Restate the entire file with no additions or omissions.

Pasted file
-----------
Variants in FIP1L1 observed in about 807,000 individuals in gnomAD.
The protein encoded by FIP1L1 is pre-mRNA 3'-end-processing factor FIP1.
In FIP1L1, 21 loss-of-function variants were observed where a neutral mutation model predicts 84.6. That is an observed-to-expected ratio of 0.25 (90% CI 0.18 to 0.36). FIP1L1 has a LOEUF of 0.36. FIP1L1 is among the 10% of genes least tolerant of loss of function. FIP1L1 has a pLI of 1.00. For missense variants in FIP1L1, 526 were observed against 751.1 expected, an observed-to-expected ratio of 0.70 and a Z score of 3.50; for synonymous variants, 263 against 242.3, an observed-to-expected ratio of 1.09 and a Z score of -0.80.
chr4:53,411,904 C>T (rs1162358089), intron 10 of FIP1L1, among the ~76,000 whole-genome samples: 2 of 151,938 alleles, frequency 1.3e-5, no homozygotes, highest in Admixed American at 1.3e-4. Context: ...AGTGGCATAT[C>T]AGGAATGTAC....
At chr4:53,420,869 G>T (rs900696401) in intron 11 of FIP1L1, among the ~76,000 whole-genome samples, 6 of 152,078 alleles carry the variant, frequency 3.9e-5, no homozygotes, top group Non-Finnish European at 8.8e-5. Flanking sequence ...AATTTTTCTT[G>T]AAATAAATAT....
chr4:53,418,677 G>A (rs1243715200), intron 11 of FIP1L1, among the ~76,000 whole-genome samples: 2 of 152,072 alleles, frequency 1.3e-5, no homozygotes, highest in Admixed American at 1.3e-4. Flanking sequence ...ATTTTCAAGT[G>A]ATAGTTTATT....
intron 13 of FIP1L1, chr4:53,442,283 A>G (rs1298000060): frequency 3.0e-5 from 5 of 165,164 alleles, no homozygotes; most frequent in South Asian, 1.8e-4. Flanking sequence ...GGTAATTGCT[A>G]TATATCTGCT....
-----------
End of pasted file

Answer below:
Variants in FIP1L1 observed in about 807,000 individuals in gnomAD.
The protein encoded by FIP1L1 is pre-mRNA 3'-end-processing factor FIP1.
In FIP1L1, 21 loss-of-function variants were observed where a neutral mutation model predicts 84.6. That is an observed-to-expected ratio of 0.25 (90% CI 0.18 to 0.36). FIP1L1 has a LOEUF of 0.36. FIP1L1 is among the 10% of genes least tolerant of loss of function. FIP1L1 has a pLI of 1.00. For missense variants in FIP1L1, 526 were observed against 751.1 expected, an observed-to-expected ratio of 0.70 and a Z score of 3.50; for synonymous variants, 263 against 242.3, an observed-to-expected ratio of 1.09 and a Z score of -0.80.
chr4:53,411,904 C>T (rs1162358089), intron 10 of FIP1L1, among the ~76,000 whole-genome samples: 2 of 151,938 alleles, frequency 1.3e-5, no homozygotes, highest in Admixed American at 1.3e-4. Context: ...AGTGGCATAT[C>T]AGGAATGTAC....
At chr4:53,420,869 G>T (rs900696401) in intron 11 of FIP1L1, among the ~76,000 whole-genome samples, 6 of 152,078 alleles carry the variant, frequency 3.9e-5, no homozygotes, top group Non-Finnish European at 8.8e-5. Flanking sequence ...AATTTTTCTT[G>T]AAATAAATAT....
chr4:53,418,677 G>A (rs1243715200), intron 11 of FIP1L1, among the ~76,000 whole-genome samples: 2 of 152,072 alleles, frequency 1.3e-5, no homozygotes, highest in Admixed American at 1.3e-4. Flanking sequence ...ATTTTCAAGT[G>A]ATAGTTTATT....
intron 13 of FIP1L1, chr4:53,442,283 A>G (rs1298000060): frequency 3.0e-5 from 5 of 165,164 alleles, no homozygotes; most frequent in South Asian, 1.8e-4. Flanking sequence ...GGTAATTGCT[A>G]TATATCTGCT....